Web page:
Gingivitis is the medical term for early gum disease, also known as periodontal disease. In general, gum disease can be caused by long-term exposure to plaque, the sticky but colorless film on teeth that forms after eating or sleeping.
Gum disease originates in the gums, where infections form from harmful bacteria and other materials left behind from eating. Early warning signs include:
In many cases, however, gingivitis can go unnoticed. The infections can eventually cause the gums to separate from the teeth, creating even greater opportunities for infection and decay. If gingivitis goes untreated, more serious problems such as abscesses, bone loss or periodontitis can occur.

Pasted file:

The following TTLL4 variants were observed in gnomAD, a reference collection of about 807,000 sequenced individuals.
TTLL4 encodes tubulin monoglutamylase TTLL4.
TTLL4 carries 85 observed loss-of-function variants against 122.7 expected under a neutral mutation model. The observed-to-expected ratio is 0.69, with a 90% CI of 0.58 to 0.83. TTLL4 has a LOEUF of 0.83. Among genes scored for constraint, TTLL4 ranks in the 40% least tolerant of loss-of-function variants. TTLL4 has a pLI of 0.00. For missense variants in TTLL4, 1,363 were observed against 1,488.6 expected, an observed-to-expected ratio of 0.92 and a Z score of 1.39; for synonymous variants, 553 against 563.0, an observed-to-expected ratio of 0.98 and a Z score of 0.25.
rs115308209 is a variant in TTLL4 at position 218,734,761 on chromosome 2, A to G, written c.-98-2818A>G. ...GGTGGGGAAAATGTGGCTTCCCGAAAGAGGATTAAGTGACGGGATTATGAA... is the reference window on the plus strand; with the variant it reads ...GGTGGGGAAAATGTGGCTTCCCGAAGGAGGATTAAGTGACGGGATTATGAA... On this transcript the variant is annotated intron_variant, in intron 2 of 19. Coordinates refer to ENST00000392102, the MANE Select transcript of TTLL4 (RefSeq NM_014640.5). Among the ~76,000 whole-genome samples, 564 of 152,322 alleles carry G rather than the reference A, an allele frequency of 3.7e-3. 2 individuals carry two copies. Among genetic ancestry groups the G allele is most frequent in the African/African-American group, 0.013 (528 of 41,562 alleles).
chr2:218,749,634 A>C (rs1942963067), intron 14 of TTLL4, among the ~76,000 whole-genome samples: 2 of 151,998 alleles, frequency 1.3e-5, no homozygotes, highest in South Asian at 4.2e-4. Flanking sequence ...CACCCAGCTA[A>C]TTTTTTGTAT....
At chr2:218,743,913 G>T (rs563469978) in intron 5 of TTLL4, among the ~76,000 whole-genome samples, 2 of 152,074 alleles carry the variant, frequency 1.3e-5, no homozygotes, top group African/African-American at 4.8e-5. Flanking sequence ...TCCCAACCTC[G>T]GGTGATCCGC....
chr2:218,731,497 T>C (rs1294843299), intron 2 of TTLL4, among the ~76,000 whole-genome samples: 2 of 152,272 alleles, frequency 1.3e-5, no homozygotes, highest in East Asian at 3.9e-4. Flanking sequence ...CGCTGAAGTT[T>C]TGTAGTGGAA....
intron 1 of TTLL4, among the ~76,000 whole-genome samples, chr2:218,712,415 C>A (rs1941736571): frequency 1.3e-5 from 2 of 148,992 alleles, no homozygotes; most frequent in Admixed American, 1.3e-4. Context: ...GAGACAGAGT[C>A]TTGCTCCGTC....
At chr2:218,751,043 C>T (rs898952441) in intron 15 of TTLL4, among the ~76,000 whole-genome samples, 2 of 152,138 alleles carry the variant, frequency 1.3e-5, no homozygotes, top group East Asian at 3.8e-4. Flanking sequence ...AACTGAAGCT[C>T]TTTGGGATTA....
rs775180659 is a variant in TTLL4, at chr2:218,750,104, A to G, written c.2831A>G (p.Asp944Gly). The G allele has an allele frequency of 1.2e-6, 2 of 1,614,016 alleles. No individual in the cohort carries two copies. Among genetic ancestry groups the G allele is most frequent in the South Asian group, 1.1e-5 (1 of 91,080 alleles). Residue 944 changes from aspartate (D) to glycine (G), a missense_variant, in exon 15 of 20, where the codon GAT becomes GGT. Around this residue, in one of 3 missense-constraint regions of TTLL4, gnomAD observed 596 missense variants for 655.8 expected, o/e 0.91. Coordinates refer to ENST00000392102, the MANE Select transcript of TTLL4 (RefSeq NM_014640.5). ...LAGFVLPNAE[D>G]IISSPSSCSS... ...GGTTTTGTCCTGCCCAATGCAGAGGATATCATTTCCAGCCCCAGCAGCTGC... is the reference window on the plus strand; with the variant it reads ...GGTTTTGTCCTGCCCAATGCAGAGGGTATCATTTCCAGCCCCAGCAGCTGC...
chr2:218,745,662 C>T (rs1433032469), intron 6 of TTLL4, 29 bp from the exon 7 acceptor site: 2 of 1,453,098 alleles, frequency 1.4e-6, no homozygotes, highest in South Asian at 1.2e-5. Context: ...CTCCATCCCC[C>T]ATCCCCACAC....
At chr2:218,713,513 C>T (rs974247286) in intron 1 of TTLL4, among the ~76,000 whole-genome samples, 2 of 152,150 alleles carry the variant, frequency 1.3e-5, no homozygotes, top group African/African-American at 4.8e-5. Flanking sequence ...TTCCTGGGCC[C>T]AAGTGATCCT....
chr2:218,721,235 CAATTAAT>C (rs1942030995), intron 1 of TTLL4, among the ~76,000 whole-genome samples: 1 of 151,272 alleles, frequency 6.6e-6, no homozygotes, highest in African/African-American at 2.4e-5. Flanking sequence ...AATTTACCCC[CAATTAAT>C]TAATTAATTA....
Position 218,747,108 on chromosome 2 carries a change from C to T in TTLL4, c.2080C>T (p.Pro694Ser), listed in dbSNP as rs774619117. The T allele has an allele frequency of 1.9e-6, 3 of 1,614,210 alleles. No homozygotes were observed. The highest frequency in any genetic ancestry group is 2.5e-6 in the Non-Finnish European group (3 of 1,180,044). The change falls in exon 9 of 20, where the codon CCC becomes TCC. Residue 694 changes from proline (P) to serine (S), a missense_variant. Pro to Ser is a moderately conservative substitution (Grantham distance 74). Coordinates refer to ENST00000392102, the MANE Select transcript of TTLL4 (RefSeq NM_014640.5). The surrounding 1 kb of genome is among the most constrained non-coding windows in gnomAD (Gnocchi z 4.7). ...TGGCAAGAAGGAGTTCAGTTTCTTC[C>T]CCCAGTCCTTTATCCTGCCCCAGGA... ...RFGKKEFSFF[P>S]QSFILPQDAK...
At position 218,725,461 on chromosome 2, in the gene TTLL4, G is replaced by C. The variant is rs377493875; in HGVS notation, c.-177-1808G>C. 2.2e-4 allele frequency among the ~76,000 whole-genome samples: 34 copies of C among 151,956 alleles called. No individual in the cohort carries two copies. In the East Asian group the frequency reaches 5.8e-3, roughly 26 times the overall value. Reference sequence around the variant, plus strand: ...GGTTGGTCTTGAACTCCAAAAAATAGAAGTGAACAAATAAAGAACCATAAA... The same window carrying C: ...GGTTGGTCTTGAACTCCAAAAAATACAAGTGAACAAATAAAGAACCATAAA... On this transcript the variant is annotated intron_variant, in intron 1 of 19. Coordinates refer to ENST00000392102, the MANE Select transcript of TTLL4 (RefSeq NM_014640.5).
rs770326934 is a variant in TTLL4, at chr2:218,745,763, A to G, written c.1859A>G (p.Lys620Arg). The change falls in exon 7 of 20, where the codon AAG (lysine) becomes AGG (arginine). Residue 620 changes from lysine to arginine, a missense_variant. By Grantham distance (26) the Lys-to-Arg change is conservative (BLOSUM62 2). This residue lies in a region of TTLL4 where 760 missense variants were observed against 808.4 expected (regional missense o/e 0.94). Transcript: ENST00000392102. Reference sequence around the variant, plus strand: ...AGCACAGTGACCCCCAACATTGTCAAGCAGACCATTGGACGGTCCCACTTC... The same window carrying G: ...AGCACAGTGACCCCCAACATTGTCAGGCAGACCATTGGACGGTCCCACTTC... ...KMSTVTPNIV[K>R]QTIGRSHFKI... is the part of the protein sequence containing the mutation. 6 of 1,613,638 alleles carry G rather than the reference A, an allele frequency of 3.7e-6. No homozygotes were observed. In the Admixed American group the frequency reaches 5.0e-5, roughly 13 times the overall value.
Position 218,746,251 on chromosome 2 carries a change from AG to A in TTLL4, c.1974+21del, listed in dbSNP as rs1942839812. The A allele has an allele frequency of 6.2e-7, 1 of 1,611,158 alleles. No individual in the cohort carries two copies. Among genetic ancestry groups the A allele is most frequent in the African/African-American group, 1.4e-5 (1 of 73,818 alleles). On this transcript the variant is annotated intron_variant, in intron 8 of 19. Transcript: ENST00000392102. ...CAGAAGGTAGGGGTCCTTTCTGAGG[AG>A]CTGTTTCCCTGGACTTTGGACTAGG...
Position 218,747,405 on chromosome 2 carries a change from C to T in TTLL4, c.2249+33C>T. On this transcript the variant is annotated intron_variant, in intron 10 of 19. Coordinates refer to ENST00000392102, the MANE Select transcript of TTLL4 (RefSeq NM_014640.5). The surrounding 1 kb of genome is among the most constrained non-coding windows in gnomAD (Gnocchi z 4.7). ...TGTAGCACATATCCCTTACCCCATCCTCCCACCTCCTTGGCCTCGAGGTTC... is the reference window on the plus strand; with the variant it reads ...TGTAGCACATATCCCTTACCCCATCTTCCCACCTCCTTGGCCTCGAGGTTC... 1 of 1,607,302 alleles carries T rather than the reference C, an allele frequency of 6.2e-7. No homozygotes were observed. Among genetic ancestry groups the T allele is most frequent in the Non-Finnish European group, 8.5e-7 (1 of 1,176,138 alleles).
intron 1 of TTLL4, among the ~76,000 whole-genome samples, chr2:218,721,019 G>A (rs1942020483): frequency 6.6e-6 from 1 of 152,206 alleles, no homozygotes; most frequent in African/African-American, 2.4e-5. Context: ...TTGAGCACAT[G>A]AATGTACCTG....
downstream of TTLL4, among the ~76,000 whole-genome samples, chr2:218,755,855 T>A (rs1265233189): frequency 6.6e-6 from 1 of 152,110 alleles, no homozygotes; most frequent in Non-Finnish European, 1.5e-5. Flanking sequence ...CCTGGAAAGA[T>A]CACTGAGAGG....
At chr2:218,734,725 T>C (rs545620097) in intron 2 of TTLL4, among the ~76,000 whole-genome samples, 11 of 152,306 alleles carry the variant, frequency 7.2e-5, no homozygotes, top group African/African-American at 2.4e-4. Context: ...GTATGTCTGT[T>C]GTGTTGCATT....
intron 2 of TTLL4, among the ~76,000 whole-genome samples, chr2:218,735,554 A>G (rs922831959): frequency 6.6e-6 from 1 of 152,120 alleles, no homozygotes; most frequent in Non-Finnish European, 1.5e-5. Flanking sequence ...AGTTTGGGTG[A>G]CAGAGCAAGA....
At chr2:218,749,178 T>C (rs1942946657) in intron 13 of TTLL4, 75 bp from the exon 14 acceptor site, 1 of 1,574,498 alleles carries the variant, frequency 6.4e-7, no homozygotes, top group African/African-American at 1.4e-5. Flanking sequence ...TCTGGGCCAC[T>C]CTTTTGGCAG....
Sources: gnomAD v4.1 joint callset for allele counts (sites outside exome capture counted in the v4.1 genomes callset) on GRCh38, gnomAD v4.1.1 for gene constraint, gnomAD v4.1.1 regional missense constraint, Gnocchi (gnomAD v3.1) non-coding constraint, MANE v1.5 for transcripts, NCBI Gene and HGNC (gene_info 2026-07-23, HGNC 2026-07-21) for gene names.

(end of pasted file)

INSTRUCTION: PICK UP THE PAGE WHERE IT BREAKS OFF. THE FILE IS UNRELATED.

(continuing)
Periodontitis is treated in a number of ways. One method, called root planing, involves cleaning and scraping below the gum line to smooth the roots. If effective, this procedure helps the gums reattach themselves to the tooth structure. However, not all instances of scaling and root planing successfully reattach the tooth to the gums. Additional measures may be needed if the periodontal pockets persist after scaling and root planing.